How Just $10,000 Can Turn Kids into Millionaires

As a father of six kids, yes six, it is my responsibility to teach my kids how to manage and multiply their money. Most parents, like mine, taught me how to work, make money and spend it. They did not teach me how to manage or multiply my money. I had to learn how to do that on my own, and thankfully, I did learn.

Now, it is my responsibility to pass on what I’ve learned to my children. Hopefully, since they are learning about money as children and not as a twenty five year old as I did, they will be much more successful with their money. If I do a good job teaching them, they may be able to become millionaires as well, and we can keep building family wealth and our ability to help other people in need.

Lately though, I’ve been thinking a little differently. Sure I can teach my kids how to manage and multiply money. They may even become millionaires, but what if there was a way I could virtually guarantee they would become millionaires. And, I could do it for just $10,000 per kid.

Well, it turns out, that idea isn’t so far fetched. I first got the idea last year while out on a walk in downtown Salt Lake City. I’m sure it was a chilly evening since March is usually cold in Salt Lake. After a bit of work and pondering, the idea started to have legs, and it is continuing to evolve.

Now you may be thinking, $10,000 can’t make someone a millionaire. And, you would be dead wrong. In fact, $10,000 can make someone a multimillionaire, if you start soon enough. The problem is, we all wait too long to get started on our investing. Many Americans wait well into their 30s or 40s to begin investing and saving for retirement. While it’s better late than never, the real opportunity to build wealth needs to start much sooner especially if you are going to turn $10,000 into a $1,000,000.

I know it sounds little like magic or hocus pocus, but it really just boils down to time…and economic and political stability. Let’s indulge ourselves a bit by assuming economic and political stability will exist in the future. Then we just need to concern ourselves with what happens when we invest $10,000.

According to Investopedia, the average growth rate for the S&P 500 dating back to 1928 is 10%. At 10% growth, it takes money about 7.2 years to double your money, which allows us to multiply our money like this over a 70 year period.

  • Initial Investment: $10,000
  • 7 years: $19,487
  • 14 years: $37,975
  • 21 years: $74,002
  • 28 years: $144,210
  • 35 years: $281,024
  • 42 years: $547,637
  • 49 years: $1,067,190
  • 56 years: $2,079,651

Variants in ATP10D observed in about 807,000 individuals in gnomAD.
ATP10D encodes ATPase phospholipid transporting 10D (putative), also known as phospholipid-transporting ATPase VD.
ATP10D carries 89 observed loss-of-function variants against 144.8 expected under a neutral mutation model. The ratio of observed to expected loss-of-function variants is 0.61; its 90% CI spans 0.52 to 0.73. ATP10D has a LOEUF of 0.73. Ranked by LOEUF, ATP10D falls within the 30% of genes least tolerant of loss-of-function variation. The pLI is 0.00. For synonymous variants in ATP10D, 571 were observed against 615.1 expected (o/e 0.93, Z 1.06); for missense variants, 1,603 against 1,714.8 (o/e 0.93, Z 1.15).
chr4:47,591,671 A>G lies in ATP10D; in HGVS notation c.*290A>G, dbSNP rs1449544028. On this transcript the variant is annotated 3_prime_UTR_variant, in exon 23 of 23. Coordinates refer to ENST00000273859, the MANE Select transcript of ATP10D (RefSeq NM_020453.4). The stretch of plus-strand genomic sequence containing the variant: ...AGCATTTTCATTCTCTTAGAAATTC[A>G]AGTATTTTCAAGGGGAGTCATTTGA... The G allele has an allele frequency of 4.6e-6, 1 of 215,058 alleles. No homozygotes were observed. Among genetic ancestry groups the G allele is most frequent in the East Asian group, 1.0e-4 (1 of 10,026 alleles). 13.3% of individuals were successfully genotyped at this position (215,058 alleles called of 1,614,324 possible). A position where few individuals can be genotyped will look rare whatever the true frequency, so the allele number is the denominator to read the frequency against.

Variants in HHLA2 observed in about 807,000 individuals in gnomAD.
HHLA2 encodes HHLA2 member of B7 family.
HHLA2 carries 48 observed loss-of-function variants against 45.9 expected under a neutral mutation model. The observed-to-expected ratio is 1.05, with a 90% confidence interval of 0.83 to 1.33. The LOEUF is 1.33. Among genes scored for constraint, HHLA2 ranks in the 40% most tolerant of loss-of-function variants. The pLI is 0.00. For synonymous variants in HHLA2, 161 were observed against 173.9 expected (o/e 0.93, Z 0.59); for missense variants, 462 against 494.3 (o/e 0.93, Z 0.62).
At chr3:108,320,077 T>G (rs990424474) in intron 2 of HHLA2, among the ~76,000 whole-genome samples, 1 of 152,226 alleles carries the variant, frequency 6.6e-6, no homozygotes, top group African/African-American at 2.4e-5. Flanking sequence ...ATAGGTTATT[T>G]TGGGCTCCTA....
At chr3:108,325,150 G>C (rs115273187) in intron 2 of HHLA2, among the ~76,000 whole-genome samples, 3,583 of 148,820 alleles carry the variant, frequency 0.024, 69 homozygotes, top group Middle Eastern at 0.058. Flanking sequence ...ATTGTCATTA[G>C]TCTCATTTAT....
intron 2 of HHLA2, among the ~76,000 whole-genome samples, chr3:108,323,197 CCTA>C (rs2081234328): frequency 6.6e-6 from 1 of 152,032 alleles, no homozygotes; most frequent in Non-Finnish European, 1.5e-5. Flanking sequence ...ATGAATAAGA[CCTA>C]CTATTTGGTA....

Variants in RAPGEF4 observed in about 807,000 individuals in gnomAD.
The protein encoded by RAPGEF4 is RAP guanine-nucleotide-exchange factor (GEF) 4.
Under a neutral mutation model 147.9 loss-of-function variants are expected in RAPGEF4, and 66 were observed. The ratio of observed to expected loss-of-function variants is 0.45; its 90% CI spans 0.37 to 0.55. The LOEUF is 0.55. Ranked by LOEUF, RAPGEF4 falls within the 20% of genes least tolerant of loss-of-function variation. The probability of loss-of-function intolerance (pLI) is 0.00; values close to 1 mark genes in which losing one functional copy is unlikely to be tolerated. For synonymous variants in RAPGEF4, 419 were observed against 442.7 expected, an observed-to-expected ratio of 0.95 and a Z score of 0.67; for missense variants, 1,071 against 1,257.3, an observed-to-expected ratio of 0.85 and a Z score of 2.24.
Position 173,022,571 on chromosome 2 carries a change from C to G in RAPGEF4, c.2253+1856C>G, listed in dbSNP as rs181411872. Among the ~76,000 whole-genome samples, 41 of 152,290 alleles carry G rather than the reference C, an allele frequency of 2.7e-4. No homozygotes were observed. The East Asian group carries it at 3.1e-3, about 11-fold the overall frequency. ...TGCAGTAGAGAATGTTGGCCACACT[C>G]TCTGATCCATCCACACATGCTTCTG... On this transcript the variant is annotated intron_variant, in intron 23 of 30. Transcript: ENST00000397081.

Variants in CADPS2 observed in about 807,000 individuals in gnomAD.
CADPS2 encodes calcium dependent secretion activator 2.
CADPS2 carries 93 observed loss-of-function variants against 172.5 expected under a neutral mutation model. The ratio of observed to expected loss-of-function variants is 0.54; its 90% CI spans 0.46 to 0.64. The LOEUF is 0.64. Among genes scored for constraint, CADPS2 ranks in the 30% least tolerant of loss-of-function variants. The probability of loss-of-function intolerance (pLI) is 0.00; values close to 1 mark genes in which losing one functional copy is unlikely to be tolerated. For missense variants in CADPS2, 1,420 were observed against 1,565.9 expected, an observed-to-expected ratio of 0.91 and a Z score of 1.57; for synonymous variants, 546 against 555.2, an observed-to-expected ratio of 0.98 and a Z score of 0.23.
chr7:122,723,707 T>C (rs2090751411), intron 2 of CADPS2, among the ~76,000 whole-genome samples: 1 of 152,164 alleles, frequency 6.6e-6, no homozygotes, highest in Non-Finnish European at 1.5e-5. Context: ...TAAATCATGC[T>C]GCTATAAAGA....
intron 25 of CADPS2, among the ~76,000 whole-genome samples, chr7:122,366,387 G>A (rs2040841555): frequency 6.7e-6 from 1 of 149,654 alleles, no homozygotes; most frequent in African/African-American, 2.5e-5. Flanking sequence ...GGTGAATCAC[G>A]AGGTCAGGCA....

• 63 years: $4,052,651
  • 70 years: $7,897,470

Now, why did I use a 70 year period for this example? The answer is simple. Because if you put $10,000 into an investment fund the year a child is born, allows it to grow in this manner. The number years mirror the child’s age. Are you getting the picture yet? $10,000 in an S&P Index Fund could become $1,067,190 by age 49 based on historical returns.

Now I know that sounds like a long time however, based on statistics, the average population life expectancy worldwide is approximately 70 years. In theory even with economic downturns, $10,000 will turn into $1,000,000 within a person’s lifetime between 49 and 70 years. If everything goes well, $10,000 could even make a person into a multimillionaire. So let’s look at the chart a bit differently based on age.

  • Initial Investment at birth: $10,000
  • Age 7 years: $19,487
  • Age 14 years: $37,975
  • Age 21 years: $74,002
  • Age 28 years: $144,210
  • Age 35 years: $281,024
  • Age 42 years: $547,637
  • Age 49 years: $1,067,190
  • Age 56 years: $2,079,651
  • Age 63 years: $4,052,651
  • Age 70 years: $7,897,470

Time for some questions.

  • “If you could make your kids into multimillionaires, why wouldn’t you?”
  • “How would it change a your child’s thinking if they KNEW they were going to be a millionaire?”
  • “If money were not an issue, what would your children and grandchildren do to help others? How much good could they do?”
  • “If there were more millionaires, with good hearts and values, how would our world change?”

I came from financially challenged family. The idea of being a millionaire was not in my head nor in my vocabulary. The possibility of being a millionaire was a foreign concept to me. At age 25, that all changed, and along with it how I thought about money and myself. The perception of who I would become grew together with the possibilities of what I could accomplish in life.